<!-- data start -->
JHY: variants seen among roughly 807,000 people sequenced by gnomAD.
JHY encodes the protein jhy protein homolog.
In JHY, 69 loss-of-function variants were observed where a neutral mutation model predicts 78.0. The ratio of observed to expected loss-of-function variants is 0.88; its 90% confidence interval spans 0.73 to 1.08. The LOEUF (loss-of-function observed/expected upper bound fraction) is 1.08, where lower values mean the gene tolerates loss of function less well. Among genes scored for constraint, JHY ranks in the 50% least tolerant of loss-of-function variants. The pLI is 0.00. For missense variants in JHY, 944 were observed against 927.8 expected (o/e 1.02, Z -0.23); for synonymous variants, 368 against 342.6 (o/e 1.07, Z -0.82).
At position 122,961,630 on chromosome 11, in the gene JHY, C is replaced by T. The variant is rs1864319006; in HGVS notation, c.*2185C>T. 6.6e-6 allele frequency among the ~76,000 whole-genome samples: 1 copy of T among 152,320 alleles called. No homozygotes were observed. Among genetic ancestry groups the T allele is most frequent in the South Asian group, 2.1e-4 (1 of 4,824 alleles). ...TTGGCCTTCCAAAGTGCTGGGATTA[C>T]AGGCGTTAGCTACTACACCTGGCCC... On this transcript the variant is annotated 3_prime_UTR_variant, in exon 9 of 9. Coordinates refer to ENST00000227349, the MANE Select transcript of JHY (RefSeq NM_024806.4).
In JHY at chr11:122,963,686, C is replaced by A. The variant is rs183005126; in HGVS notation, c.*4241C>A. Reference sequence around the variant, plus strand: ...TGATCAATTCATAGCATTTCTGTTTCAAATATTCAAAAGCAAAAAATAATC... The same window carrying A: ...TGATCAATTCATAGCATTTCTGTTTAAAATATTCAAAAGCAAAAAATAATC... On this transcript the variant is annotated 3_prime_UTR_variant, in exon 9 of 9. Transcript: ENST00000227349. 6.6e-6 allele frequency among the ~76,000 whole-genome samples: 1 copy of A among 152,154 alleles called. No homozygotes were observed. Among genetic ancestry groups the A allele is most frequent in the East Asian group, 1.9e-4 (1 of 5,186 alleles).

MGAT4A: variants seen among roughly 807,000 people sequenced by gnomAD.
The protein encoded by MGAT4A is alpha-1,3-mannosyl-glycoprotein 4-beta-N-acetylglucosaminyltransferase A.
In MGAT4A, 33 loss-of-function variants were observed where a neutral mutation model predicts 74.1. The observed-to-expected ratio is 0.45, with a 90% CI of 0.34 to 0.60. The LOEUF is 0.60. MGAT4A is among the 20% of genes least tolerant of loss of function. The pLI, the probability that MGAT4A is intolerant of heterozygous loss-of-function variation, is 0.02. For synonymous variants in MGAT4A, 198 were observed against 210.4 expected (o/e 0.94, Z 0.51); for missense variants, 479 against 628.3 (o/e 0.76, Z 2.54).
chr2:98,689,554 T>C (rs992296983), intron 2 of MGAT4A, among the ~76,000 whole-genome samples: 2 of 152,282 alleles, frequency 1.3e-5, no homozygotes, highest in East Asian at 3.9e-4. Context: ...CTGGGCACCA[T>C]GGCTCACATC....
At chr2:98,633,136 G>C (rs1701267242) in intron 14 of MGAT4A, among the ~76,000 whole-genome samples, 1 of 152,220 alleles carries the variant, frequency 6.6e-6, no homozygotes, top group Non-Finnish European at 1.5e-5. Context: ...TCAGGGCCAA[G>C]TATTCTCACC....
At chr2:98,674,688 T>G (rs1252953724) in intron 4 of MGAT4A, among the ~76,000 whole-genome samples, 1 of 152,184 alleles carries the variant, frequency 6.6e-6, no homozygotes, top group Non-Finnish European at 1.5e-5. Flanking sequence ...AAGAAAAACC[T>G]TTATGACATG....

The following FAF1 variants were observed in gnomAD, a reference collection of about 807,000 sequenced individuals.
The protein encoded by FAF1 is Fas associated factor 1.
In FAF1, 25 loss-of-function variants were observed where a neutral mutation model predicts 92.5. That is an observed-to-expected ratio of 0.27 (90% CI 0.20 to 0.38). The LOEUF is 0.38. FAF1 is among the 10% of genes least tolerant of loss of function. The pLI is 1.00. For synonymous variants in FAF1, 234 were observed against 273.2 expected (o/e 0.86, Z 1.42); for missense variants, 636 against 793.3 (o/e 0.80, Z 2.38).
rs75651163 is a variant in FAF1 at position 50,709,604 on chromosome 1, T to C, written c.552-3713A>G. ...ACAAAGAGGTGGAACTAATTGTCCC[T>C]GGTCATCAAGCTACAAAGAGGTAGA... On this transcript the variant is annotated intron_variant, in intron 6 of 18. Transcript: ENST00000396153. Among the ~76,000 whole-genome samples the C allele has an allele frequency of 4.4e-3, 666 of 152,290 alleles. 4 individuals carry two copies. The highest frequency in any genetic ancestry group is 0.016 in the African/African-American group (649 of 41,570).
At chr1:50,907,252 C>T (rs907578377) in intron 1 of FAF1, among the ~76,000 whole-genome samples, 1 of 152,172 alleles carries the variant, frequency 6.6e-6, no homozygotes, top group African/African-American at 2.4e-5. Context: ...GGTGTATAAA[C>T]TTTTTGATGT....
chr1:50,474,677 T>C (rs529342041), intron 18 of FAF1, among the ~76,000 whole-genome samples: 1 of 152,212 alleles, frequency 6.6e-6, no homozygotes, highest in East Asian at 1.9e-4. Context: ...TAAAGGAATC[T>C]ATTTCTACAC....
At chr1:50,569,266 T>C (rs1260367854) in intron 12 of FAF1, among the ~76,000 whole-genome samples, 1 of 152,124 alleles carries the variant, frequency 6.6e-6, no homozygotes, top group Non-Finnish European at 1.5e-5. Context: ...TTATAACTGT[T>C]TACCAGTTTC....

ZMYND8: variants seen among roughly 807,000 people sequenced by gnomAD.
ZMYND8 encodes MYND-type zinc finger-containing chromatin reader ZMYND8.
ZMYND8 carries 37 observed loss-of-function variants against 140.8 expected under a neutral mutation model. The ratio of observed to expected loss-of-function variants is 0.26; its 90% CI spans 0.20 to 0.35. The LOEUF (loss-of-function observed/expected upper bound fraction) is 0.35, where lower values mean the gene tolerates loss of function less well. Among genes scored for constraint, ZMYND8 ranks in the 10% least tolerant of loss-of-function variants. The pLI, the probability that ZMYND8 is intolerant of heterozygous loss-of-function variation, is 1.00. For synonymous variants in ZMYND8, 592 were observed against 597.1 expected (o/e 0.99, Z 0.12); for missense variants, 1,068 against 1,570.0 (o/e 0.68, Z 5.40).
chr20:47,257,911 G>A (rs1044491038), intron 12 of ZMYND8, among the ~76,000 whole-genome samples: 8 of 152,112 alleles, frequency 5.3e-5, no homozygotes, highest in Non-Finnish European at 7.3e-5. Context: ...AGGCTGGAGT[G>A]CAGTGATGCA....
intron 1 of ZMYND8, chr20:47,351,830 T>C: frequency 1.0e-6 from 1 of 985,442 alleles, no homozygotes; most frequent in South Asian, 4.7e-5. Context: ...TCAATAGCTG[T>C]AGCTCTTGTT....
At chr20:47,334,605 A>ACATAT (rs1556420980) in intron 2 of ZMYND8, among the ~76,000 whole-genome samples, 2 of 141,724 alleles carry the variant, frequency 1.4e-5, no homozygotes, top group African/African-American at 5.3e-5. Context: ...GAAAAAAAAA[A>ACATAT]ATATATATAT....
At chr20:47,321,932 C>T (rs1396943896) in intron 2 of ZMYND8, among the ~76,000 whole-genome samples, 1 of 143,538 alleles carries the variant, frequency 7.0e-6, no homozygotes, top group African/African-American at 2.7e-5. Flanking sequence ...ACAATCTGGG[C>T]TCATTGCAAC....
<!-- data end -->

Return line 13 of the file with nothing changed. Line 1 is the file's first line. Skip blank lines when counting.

The protein encoded by FAF1 is Fas associated factor 1.